Savannah mayor, other US mayors press Biden administration on gun violence prevention

Local News

SAVANNAH, Ga. (WSAV) – After a deadly weekend of shootings, mayors across the country are addressing the high levels of gun violence and the steps that can be taken to protect Americans.

The United States Conference of Mayors sent a letter to President Joe Biden Tuesday asking for his help with America’s gun violence problem. Among those signing that letter was Savannah’s own Mayor Van Johnson.

The mayors collectively agreed they have done all they can on the local level, now it’s time to handle gun violence with the help from officials in our nation’s Capitol.

“We need leaders in Washington to wake up to this crisis,” Dayton Mayor Nan Whaley said.

The U.S. saw another deadly weekend of gun violence that left 120 people shot dead. This has the U.S. Conference of Mayors calling on Congress and President Biden to take action against what they call a public health crisis.

“We will stand with him to drive Congress to get off the sidelines and do something about the 10’s of thousands of our fellow citizens who are shot dead every single year,” Whaley said.

Mayors said in the first five months of this year 8,100 people were killed in acts of gun violence. On Friday, there were four mass shootings in just six hours.

“Can we all agree that if someone has the right to carry a gun, can we all agree that I have the right not to be shot?” Johnson said.

Mayor Johnson joined a long list of mayors asking Congress to enact common-sense gun control legislation, create uniform laws on background checks and eliminate the use of guns for those who have a history of mental illness among other demands.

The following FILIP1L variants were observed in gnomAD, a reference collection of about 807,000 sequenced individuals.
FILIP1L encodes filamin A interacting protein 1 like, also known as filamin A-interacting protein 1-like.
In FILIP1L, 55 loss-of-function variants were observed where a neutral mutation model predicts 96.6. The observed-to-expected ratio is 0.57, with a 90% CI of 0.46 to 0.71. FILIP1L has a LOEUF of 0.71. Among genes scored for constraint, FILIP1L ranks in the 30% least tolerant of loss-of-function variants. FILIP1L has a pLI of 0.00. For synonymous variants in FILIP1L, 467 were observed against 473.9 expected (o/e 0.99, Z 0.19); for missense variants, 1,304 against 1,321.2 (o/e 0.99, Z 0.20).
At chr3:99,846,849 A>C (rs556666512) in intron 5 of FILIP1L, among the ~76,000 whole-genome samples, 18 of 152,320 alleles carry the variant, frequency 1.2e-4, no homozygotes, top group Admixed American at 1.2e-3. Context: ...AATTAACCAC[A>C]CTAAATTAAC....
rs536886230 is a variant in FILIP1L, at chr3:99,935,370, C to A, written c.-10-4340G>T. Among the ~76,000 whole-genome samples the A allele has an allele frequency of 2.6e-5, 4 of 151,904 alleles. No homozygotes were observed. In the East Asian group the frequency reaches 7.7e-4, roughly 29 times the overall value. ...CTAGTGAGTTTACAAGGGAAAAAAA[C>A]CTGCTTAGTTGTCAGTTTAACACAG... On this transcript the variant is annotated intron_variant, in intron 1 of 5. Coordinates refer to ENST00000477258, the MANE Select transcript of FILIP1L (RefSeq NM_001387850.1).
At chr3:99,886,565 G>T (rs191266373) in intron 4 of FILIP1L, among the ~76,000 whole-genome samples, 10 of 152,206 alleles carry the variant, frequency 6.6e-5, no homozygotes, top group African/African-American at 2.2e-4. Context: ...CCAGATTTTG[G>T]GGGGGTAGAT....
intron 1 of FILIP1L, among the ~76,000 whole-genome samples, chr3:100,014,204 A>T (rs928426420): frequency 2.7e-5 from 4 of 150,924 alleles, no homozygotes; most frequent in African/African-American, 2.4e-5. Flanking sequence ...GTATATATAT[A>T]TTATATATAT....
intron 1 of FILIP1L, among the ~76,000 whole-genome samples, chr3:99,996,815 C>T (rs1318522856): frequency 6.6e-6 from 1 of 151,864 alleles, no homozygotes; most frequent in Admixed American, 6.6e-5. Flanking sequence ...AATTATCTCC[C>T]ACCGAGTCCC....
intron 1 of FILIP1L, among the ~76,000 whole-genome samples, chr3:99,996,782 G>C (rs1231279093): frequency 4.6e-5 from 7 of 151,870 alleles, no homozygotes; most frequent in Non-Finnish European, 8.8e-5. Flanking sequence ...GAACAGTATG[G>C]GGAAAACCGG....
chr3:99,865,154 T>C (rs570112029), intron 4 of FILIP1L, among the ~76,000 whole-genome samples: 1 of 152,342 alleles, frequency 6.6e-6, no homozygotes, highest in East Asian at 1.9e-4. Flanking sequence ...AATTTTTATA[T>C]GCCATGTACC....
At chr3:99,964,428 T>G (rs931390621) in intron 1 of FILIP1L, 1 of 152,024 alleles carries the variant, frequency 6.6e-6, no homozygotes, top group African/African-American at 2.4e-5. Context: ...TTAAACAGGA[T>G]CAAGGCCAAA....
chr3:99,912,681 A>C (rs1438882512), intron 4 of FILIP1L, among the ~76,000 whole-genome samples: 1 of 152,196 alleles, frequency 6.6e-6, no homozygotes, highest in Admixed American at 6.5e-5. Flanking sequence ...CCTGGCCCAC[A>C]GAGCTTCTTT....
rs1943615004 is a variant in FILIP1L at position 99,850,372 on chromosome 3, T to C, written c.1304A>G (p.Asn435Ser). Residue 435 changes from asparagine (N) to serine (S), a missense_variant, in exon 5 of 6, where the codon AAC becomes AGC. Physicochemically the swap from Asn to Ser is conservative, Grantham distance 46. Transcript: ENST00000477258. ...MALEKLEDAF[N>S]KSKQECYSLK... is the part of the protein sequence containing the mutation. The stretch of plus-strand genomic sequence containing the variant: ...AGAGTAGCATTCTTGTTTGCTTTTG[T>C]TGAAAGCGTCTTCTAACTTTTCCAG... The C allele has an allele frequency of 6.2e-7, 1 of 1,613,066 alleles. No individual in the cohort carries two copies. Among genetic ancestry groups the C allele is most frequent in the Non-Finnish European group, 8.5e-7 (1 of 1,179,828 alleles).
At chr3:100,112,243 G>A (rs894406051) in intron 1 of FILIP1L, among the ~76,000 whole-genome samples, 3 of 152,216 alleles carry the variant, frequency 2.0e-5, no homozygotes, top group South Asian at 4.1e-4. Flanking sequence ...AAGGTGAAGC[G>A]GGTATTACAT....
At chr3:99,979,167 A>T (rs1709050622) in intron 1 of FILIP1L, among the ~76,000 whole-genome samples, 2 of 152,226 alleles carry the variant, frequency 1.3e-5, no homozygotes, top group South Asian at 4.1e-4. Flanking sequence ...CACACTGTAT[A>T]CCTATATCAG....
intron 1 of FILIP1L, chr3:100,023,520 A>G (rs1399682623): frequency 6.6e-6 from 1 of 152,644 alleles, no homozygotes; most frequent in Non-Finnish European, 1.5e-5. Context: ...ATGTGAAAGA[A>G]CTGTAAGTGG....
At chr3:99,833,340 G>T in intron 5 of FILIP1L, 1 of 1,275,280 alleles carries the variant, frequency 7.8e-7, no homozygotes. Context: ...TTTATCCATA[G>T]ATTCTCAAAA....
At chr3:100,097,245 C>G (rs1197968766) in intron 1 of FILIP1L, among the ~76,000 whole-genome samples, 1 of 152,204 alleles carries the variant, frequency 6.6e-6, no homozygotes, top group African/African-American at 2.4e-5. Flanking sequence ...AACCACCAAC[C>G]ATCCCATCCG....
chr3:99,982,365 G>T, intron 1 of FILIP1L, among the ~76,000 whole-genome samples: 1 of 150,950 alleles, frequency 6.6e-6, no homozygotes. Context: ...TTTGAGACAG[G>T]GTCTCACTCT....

“During these times when we’re talking about international terrorism or talking about national terrorism we have to also talk about terrorism on the streets of our cities,” Johnson said.

“As political leaders especially those at the local level, we have a responsibility indeed an obligation to make sure that our residents the people that we are lucky to represent have the ability to feel safe,” Chicago Mayor Lori Lightfoot said.

These mayors agree its not just a single city’s issue.

“It’s easy to look at local policy changes. If we don’t look for common elements across cities that are present everywhere, we can easily miss learning what we actually need to learn to beat this challenge,” Austin Mayor Steve Adler said.

The mayors are also addressing illegal gun sales that happen on social media platforms. They say local law enforcement has limited tools to address this problem. Local mayors are asking the federal government to enforce actions to bring accountability to social media platforms.

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